I could write about the stress Boston causes me. But I would rather not. That is personal to me. For context, I can share at least that I was there in 2013. I have recurring stress each year that impacts my ability to function and is triggered by this race and everything related to it. I would like to not think about it, but as a marathon coach, it is hard to get away from being tagged, emailed, messaged, texted etc from people who don't know me well enough to know to please not message me, tag me, text me, email me asking me about my plans and whether I am racing.  The reality is each year I am battling to get there and I just don't know if I will win. 


But that is all I need to say. There is no reason to take a great experience and turn into something else.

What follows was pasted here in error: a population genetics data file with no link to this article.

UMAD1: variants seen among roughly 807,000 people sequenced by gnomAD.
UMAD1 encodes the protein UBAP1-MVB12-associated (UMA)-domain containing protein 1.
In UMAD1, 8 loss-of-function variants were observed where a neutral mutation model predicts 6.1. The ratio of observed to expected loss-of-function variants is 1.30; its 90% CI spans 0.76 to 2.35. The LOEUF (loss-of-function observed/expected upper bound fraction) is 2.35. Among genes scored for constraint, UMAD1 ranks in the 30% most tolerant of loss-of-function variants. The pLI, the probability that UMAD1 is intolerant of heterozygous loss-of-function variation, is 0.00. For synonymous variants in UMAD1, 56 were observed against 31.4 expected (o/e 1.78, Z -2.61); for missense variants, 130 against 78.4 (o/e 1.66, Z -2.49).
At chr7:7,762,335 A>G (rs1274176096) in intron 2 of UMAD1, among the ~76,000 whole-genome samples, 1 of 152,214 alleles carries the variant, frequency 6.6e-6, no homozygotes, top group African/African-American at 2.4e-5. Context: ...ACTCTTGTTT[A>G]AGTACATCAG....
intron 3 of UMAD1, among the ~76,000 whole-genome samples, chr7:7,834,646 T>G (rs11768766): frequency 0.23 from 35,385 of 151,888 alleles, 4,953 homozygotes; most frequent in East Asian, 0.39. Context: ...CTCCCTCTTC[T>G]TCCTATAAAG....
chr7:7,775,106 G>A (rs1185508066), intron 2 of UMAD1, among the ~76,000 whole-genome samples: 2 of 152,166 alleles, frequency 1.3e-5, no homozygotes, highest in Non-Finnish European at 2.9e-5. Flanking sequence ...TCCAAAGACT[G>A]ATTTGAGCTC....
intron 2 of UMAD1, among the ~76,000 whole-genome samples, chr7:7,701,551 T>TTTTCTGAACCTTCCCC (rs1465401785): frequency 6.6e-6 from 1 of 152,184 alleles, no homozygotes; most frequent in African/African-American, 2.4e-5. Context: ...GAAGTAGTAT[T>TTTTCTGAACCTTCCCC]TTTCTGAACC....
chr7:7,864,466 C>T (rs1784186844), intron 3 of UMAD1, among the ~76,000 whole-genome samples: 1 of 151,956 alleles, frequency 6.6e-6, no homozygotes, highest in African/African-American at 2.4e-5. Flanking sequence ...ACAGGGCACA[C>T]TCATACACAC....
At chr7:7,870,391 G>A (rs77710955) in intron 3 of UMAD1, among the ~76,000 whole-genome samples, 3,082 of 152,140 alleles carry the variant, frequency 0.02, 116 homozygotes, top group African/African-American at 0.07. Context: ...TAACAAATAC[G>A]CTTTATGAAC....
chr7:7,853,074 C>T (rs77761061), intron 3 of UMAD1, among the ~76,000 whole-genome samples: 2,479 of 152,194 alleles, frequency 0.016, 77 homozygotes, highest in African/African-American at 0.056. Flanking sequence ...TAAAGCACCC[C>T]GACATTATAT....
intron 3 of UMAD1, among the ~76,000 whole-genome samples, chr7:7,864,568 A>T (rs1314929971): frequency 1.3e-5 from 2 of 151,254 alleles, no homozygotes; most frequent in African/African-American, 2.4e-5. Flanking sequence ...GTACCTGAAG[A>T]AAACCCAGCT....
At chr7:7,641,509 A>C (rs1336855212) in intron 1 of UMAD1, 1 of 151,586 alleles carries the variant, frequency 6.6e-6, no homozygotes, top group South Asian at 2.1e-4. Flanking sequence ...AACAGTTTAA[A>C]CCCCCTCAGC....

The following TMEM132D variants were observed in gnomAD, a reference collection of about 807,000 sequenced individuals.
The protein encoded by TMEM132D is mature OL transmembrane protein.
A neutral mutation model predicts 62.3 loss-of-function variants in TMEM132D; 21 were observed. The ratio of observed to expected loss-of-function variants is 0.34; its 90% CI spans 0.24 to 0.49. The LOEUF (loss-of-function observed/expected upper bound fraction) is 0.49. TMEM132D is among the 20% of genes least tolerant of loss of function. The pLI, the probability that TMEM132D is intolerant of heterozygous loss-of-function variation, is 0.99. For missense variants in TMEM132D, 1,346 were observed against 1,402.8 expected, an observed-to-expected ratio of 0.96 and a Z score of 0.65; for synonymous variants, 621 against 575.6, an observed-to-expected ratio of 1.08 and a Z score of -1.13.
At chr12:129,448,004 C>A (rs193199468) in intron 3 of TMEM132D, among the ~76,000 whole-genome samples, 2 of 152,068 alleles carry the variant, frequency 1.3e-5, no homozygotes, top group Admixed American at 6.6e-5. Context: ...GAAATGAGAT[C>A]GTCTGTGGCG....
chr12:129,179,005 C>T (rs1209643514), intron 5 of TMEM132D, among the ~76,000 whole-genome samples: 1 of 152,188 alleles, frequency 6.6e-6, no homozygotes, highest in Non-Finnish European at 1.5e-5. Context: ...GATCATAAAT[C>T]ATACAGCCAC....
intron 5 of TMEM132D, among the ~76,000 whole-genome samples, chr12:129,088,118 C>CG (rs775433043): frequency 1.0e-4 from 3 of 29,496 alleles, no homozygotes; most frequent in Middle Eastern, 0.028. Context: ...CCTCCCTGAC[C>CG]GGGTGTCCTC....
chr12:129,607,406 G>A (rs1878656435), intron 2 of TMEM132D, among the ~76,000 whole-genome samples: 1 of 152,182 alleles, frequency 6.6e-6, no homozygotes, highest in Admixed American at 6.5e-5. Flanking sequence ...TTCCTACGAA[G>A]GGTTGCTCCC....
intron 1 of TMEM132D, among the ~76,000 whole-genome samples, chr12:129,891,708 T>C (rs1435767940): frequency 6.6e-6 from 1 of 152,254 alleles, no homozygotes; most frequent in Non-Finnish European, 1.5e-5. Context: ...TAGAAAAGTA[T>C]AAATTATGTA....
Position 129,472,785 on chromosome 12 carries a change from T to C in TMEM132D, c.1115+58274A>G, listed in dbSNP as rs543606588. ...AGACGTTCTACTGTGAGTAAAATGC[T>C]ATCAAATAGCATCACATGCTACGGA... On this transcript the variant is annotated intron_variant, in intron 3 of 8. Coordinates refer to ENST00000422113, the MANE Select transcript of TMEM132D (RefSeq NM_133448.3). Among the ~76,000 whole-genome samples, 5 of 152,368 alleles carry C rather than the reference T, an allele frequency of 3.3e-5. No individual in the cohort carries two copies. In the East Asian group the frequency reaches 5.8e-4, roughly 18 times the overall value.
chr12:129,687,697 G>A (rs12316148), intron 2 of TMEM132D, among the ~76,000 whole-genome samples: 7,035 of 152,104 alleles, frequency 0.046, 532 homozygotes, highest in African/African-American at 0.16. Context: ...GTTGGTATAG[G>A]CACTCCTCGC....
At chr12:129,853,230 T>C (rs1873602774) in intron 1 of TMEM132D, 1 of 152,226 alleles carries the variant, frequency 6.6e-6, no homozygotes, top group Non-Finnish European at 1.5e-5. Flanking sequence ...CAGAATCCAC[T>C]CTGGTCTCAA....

I am a streak runner. I am always running. I haven't missed a day of running since 2011, BUT that is not the same training to race a marathon. Marathon training is hard.

About 4 weeks ago, I started racing again (with a 5k) just for fun while I work on getting back in the flow of training. At this stage, all I am doing is showing up and pinning on a bib while I work on building my endurance again. I can still cover distance, but just not like I used to. I am heavier than I would like to be when racing.

I almost didn’t go. In fact, I was sure I wasn't going. I told everyone who I tell my personal business to (my #Top5) that I was definitely, absolutely not going. I canceled plans with Elizabeth who was going to come with me and told her to not come b/c I wasn't going.


I believed that f I just decided to NOT go, then maybe I could sleep. Maybe I could relax. Maybe the stress would disappate... but there was this little voice in the back of my mind, maybe it was coming more from deep within my heart, that whispered over and over to me "..but you know you want to be there.."  (and besides I do this every single year and decide I am NOT going, then go... except for last year when I strained my achilles).